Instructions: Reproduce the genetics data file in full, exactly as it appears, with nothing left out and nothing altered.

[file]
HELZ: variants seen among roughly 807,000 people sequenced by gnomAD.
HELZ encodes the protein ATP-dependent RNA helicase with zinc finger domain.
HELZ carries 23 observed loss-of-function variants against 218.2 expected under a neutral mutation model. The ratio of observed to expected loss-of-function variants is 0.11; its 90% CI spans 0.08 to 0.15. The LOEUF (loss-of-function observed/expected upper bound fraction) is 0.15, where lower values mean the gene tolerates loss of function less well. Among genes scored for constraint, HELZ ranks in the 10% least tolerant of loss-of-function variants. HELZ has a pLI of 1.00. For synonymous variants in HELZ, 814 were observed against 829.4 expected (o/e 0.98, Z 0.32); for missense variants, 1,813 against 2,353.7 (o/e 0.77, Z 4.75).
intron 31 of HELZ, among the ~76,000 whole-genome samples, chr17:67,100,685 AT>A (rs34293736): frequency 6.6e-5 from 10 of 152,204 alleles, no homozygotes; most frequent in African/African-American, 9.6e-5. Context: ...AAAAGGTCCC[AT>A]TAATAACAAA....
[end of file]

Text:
HELZ: variants seen among roughly 807,000 people sequenced by gnomAD.
HELZ encodes the protein ATP-dependent RNA helicase with zinc finger domain.
HELZ carries 23 observed loss-of-function variants against 218.2 expected under a neutral mutation model. The ratio of observed to expected loss-of-function variants is 0.11; its 90% CI spans 0.08 to 0.15. The LOEUF (loss-of-function observed/expected upper bound fraction) is 0.15, where lower values mean the gene tolerates loss of function less well. Among genes scored for constraint, HELZ ranks in the 10% least tolerant of loss-of-function variants. HELZ has a pLI of 1.00. For synonymous variants in HELZ, 814 were observed against 829.4 expected (o/e 0.98, Z 0.32); for missense variants, 1,813 against 2,353.7 (o/e 0.77, Z 4.75).
intron 31 of HELZ, among the ~76,000 whole-genome samples, chr17:67,100,685 AT>A (rs34293736): frequency 6.6e-5 from 10 of 152,204 alleles, no homozygotes; most frequent in African/African-American, 9.6e-5. Context: ...AAAAGGTCCC[AT>A]TAATAACAAA....